Claire B. Shaeffer
(c) 2011 by Claire B. Shaeffer
A great many of us are self-taught seamstresses. We come equipped with a suite of sewing techniques taught to use by commercial patterns, friends, and, for historical costumers, books like "Costume Close-Up " and "The Tudor Tailor ."
There comes a point when it's time to take it to the next level. Perhaps you've already started sewing more pieces by hand, or have learned a neckline facing trick, or a hem method that gives a perfect finish. When you're ready to really "kick it up a notch," though, it's time to get "Couture Sewing Techniques ," by Claire B. Shaeffer.
|The Met: Chanel, 1929|
The whole book.
No, really. It's a gold mine of information, a little history, and sewing reference. The book starts out with a definition of "couture," and "haute couture," and how it differs from luxury ready-to-wear. The author also states that she doesn't "dumb down" these techniques for home sewers, but shows the full, sometimes complicated, process to achieve the same results used on incredible gowns of both past and present.
"Couture Sewing Techniques " is not only a "how-to" guide, complete with easy-to-follow instructions and diagrams, but it is also full of professional color photographs of historic couture garments, from Worth, Mainbocher, Chanel, YSL, and many more. Seeing the diagram of the technique, reading the description of how it is done, and then seeing an example of it used on a stunning garment...well, that's worth a thousand words.
I have only had this book about a week, but I can't seem to put it down, and already I have used techniques I read about just days ago to correct the neckline on my 1912 Titanic Ballgown, and even to buck up and apply some sequins and beads. "Couture Sewing Techniques" makes you want to hand sew your historical costumes by giving ample good reasons to do so. The book explains the "why" as well as the "how."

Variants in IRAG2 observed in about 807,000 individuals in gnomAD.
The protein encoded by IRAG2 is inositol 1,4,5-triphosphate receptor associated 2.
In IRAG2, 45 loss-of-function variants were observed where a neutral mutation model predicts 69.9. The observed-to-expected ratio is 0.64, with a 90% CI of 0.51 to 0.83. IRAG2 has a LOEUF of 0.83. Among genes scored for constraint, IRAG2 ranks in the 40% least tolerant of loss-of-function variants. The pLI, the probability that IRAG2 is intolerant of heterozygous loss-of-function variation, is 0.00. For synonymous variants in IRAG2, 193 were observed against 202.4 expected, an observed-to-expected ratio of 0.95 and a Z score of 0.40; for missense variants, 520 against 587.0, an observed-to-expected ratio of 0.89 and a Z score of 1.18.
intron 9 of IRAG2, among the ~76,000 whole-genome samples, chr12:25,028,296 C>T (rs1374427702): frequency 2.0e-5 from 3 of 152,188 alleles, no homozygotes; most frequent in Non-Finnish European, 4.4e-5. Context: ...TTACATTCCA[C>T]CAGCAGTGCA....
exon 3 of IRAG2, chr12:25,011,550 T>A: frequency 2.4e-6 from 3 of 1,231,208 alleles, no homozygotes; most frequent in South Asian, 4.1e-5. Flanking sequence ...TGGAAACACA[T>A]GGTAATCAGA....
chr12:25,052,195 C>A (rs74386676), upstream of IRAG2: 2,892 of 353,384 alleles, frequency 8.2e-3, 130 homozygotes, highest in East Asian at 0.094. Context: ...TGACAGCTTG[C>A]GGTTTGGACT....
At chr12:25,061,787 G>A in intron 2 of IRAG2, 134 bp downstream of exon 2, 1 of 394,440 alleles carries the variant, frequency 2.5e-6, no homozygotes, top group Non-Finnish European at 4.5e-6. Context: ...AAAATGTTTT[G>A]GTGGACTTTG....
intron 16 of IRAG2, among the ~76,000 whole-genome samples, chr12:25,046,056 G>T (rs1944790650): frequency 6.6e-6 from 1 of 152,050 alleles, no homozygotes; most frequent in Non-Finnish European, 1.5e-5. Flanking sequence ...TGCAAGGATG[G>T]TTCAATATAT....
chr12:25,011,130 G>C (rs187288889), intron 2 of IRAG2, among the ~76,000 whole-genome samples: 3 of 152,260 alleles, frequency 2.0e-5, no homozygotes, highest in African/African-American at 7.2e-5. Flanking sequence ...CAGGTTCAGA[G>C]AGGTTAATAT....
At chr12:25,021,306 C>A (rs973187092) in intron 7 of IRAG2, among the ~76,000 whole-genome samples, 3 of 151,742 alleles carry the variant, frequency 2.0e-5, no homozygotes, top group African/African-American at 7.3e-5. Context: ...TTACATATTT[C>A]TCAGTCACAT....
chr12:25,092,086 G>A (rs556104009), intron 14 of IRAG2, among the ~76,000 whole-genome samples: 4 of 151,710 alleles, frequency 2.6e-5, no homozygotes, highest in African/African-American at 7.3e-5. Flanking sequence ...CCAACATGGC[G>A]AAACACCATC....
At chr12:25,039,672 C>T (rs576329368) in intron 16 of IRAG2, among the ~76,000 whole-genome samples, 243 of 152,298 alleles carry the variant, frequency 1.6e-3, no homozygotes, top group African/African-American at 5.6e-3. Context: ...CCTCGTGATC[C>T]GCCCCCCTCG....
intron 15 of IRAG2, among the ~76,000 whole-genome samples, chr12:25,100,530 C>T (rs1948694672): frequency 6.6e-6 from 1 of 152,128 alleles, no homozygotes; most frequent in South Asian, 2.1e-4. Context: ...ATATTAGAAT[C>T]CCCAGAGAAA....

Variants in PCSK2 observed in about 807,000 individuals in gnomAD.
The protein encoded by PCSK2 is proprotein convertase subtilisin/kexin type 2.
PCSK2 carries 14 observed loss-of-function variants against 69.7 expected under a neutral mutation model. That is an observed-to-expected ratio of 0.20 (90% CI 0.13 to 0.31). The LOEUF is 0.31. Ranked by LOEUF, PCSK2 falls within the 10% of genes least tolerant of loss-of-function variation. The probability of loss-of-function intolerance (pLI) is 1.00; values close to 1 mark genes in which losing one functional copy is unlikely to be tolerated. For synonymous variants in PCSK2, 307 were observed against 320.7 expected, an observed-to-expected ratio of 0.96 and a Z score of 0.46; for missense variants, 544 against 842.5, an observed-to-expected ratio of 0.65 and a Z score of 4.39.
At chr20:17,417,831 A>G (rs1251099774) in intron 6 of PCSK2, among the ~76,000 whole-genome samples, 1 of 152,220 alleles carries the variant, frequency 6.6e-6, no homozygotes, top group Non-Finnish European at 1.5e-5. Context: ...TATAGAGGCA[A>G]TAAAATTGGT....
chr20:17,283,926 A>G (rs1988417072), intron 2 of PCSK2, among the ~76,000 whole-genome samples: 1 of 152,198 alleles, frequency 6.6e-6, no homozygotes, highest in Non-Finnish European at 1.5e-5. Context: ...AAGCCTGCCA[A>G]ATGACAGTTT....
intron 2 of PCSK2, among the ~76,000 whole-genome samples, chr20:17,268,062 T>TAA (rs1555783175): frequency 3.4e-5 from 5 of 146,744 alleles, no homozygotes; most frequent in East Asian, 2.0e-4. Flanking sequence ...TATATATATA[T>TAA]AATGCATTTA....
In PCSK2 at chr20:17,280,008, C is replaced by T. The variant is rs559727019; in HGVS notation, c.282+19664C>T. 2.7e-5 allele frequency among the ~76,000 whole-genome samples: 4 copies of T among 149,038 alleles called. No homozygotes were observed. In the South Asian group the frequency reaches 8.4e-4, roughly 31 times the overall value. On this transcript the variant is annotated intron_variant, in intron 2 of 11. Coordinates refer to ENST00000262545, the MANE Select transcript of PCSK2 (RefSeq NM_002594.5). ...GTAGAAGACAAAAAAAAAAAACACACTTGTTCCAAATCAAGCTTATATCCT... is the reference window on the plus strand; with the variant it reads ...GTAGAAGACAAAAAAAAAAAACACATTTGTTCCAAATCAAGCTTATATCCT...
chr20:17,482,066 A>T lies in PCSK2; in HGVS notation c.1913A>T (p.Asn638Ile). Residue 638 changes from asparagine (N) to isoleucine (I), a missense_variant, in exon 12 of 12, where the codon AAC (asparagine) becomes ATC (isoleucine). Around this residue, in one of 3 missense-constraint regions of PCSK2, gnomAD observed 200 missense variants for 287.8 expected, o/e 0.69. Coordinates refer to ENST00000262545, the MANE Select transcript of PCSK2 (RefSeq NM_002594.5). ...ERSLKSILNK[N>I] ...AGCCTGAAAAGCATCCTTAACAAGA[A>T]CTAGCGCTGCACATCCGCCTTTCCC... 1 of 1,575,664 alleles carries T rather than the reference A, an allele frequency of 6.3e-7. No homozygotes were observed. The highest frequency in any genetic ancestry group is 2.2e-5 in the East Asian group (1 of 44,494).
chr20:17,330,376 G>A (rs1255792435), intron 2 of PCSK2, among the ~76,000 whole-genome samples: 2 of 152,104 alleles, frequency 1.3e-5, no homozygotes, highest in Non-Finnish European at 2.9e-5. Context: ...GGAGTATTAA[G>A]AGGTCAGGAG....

|Dress by House of Worth, 1875-76 Paris, the Met Museum. Detail of frill at hem.|
"Couture Sewing Techniques " covers all kinds of techniques for everything from buttonholes, to hems, to necklines, basic tailoring, even correct basting. What it doesn't spend time on is pattern fitting, so I recommend purchasing one of several books on fit or pattern alterations, to work in conjunction with this book. If you are an ace at patterning already, then you're good to go.
I've bought a lot of costume books, many of which are amazing, some of which are "meh," but I truly believe that this book, "Couture Sewing Techniques " is the first that will improve my crafting ten-fold. For those of you who acquire this bible of technique, it *will* take patience and practice to learn all these tricks, and to apply them to your projects, but you will be happy, happy, happy you did. I cannot recommend a book any more highly than I recommend this one.